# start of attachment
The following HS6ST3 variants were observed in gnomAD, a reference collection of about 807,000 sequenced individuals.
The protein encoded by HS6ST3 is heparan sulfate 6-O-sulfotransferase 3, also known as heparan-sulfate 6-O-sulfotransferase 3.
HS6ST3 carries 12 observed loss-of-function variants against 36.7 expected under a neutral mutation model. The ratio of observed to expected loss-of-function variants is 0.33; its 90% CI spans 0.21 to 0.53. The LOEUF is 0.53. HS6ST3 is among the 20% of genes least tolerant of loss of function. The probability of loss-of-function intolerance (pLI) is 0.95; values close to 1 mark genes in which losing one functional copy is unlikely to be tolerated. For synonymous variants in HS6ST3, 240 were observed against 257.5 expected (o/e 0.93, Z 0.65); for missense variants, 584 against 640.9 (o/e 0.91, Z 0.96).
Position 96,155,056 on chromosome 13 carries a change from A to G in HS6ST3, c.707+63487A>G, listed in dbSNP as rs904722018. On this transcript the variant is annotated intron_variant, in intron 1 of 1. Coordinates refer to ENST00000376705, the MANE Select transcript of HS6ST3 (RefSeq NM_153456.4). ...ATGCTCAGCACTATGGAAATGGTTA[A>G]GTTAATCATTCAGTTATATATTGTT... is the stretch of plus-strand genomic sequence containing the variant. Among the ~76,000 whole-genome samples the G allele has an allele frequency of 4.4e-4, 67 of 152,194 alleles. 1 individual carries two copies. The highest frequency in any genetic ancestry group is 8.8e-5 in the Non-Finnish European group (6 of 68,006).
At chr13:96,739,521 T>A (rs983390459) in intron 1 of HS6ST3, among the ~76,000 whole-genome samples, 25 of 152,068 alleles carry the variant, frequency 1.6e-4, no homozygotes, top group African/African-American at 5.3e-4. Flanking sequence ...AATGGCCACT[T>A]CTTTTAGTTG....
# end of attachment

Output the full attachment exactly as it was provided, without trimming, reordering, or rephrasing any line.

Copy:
The following HS6ST3 variants were observed in gnomAD, a reference collection of about 807,000 sequenced individuals.
The protein encoded by HS6ST3 is heparan sulfate 6-O-sulfotransferase 3, also known as heparan-sulfate 6-O-sulfotransferase 3.
HS6ST3 carries 12 observed loss-of-function variants against 36.7 expected under a neutral mutation model. The ratio of observed to expected loss-of-function variants is 0.33; its 90% CI spans 0.21 to 0.53. The LOEUF is 0.53. HS6ST3 is among the 20% of genes least tolerant of loss of function. The probability of loss-of-function intolerance (pLI) is 0.95; values close to 1 mark genes in which losing one functional copy is unlikely to be tolerated. For synonymous variants in HS6ST3, 240 were observed against 257.5 expected (o/e 0.93, Z 0.65); for missense variants, 584 against 640.9 (o/e 0.91, Z 0.96).
Position 96,155,056 on chromosome 13 carries a change from A to G in HS6ST3, c.707+63487A>G, listed in dbSNP as rs904722018. On this transcript the variant is annotated intron_variant, in intron 1 of 1. Coordinates refer to ENST00000376705, the MANE Select transcript of HS6ST3 (RefSeq NM_153456.4). ...ATGCTCAGCACTATGGAAATGGTTA[A>G]GTTAATCATTCAGTTATATATTGTT... is the stretch of plus-strand genomic sequence containing the variant. Among the ~76,000 whole-genome samples the G allele has an allele frequency of 4.4e-4, 67 of 152,194 alleles. 1 individual carries two copies. The highest frequency in any genetic ancestry group is 8.8e-5 in the Non-Finnish European group (6 of 68,006).
At chr13:96,739,521 T>A (rs983390459) in intron 1 of HS6ST3, among the ~76,000 whole-genome samples, 25 of 152,068 alleles carry the variant, frequency 1.6e-4, no homozygotes, top group African/African-American at 5.3e-4. Flanking sequence ...AATGGCCACT[T>A]CTTTTAGTTG....